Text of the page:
If manufacturers can depend on the enthusiast market, and especially its reviewers and influencers to always EQ, and to recommend based on post-EQ performance, then inevitably there will be some manufacturers who will undeservedly be able to compete with other manufacturers who do possess the competency to tune for tonality, “natural sound”, and timbre. It’s a dangerous road to walk down for the community as a whole.
EDIT: Just earned my “First Emoji” badge. Whoever came up with the badge progression for this forum is a genius. Love it.
Yeah, I can get behind that. I mean, regardless of preference, we’ve all got ears. So some level of ear gain is essential for any headphone, and on this it’s clearly not enough. I also think we’re all using EQ for the wrong reasons, but it’s also a necessary crutch.
We should probably be using it for the sake of adding flavor (like a bass shelf for example) or making adjustments to make something that’s ‘normal’ sounding by default closer to our preferences for music - better yet, closer to our individual HRTF, if that’s desirable. Instead, we’re using it typically to ‘fix’ things in headphones, and in that sense I agree… expensive audio equipment should be tuned better.
Thankfully, Audeze’s newer stuff like the LCD-X and XC 2021 are a lot better than before with respect to ear gain. The 5 and CRBN are like, ALL ear gain (too much even for my taste without EQ). So they’ve recognized the importance of this at least, which is great.
Being someone who thoroughly enjoys the Zeus, I will give HD credit for the price point. Considered this is their, I assume, high end headphone then I can get behind a price point of under 800. Now that is all without listening to them which is the key determining factor always. Still, very competetive at that price so good on them for doing that.
Interesting on the carbon fiber headband comment too. I also would think that would be a great addition for the lighter weight but perhaps works against the build design considering the heft on the other regions of it. I suppose the argument could be it looks slick! haha
So, on the carbon fiber front… It certainly resembles carbon fiber but it feels a lot more like plastic. Maybe that’s due to a gloss coating or something overtop of it. But in general, this is not a good headband style or mechanical design, and by far my biggest complaint with this one.
Carbon fiber is just carbon smushed into plastic/polymer/“glue” instead of glass fibers (fiberglass). Some products are carbon-look stick-ons too. I have some pocket knives with carbon fiber scales, and they feel either very plasticy or vaguely fuzzy if the isn’t much goo on top.
Micarta scales generally feel a lot more organic, as they are cotton or paper layers glued into a block.
Well…what can I say to that haha, it certainly looks good (in a picture) though Resolve has a better view having it physically on hand. Regardless of how genuine though at the end of the day it’s all about the Sound and comfort.
Came here for education on audio and end up also learning about Carbon Fiber - who’d a thought!?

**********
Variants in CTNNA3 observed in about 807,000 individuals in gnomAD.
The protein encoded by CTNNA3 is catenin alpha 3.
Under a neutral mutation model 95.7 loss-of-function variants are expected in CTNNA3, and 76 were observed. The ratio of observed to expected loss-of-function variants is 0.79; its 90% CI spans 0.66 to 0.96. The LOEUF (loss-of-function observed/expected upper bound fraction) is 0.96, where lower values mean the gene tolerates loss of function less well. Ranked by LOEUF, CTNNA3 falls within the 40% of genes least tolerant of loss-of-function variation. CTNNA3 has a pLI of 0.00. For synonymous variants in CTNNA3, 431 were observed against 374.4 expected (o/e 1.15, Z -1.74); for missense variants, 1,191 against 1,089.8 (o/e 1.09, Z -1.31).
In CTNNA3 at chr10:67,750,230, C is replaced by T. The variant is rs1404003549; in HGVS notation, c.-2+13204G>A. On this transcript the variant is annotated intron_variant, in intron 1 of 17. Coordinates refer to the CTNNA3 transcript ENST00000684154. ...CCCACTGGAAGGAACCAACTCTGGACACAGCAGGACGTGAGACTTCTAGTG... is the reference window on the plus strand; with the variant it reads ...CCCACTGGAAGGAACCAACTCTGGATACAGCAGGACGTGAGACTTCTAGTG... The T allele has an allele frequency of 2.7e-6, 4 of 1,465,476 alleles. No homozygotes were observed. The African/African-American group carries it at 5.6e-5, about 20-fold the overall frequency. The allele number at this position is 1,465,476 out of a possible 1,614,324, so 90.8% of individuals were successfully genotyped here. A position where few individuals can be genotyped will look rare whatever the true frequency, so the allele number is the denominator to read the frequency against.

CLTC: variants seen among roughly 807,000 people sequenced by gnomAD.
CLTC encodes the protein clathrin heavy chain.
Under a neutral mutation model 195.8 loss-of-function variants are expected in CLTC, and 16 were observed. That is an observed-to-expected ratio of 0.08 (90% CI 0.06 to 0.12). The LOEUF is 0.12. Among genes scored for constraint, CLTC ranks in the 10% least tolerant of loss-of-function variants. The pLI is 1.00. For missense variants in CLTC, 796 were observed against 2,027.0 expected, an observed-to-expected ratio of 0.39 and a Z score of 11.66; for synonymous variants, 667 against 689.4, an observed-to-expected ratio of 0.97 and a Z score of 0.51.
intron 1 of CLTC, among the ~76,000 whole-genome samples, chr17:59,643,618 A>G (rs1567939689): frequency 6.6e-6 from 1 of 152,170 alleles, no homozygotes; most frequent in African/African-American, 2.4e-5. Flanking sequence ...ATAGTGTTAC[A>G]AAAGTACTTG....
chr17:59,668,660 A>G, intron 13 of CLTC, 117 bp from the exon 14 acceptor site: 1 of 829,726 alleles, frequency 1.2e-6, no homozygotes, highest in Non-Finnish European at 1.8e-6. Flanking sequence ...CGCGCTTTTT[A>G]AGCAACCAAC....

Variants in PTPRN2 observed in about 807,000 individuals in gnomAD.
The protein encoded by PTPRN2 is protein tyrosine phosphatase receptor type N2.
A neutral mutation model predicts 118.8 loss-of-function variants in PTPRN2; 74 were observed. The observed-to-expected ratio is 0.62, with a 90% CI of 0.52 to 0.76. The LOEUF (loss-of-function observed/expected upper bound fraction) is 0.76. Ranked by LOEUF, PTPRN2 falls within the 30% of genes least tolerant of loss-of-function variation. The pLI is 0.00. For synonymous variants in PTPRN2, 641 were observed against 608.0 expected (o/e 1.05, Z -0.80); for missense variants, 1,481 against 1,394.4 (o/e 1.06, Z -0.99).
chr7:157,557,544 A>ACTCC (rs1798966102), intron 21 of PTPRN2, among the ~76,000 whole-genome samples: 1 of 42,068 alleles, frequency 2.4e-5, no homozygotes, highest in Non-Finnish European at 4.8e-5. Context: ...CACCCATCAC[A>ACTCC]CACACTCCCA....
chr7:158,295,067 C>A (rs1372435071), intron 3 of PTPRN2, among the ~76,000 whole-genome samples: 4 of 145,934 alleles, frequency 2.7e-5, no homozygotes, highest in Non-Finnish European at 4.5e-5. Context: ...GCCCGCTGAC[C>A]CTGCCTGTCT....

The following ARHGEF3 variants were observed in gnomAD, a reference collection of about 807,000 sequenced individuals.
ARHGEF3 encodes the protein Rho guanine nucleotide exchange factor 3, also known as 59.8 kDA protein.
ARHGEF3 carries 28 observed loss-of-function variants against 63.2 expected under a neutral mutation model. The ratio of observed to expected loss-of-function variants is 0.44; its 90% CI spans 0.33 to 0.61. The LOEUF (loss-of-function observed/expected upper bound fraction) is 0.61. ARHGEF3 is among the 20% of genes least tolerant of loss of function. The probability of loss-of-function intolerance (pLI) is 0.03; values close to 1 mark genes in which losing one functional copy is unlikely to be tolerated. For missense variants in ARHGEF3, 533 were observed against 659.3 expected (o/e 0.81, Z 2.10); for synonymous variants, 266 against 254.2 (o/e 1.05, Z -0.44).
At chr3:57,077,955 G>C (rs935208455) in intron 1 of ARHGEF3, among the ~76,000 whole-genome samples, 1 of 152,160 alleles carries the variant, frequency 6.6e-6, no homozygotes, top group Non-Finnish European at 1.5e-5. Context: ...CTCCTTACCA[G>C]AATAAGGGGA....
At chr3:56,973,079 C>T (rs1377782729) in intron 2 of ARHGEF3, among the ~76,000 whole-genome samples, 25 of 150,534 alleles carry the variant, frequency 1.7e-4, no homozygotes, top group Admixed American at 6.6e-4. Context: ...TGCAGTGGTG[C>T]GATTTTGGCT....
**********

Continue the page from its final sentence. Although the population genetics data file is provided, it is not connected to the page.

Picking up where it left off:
I had a brief chance to listen to these as Resolve graced me with his presence and allowed me to listen.
To start, I feel like you have to have a very particular headshape to get a seal with these because of the headband design. No matter how many times I tried, I just couldn’t get the pads to seal on the bottom unless I held them. The carbon fibre headband also looks and feels quite cheap and my immediate concern with them was that the headband would snap with a moderate amount of pressure. Outside of that though, the ear cups are solidly built and it does come with a pretty nice cable and case as well so there are some aspects that feel more premium than others.
My initial listen was pretty nice. I would have described the sound as pleasantly subdued. Turns out Resolve had his EQ on. When he swapped it off, I got to experience the real sound and the difference was pretty stark.
It definitely has detail but for me, I found the treble had a graininess to it and the bass to be a little soupy. Definitely a dark tonality. The out of the box tuning wasn’t really for me. With EQ it was a little better but I generally don’t use EQ myself so they probably wouldn’t be the right pair for me from a sound perspective and from the headband issue described above.
However, I could see people really liking these if they can get a good fit and are pursuing that old school Audeze sound. The G200 is quite detailed and you can tell the drivers are quite capable, just the stock tuning is rather dark.
Yeah I was pad swapping like crazy and found it made a huge difference. Kind of makes me think there’s no excuse for the tuning to be as veiled as it is with the default ones included, since even HarmonicDyne’s own Zeus/Helios pads are not only ergonomically superior on the G200 but they also give it some ear gain. Now, they’re not perfect since there’s a bit of unevenness there as well, and in some ways the leather ones are easier to EQ. But it just goes to show that not enough thought went into the pad design with these, even though they feel high quality.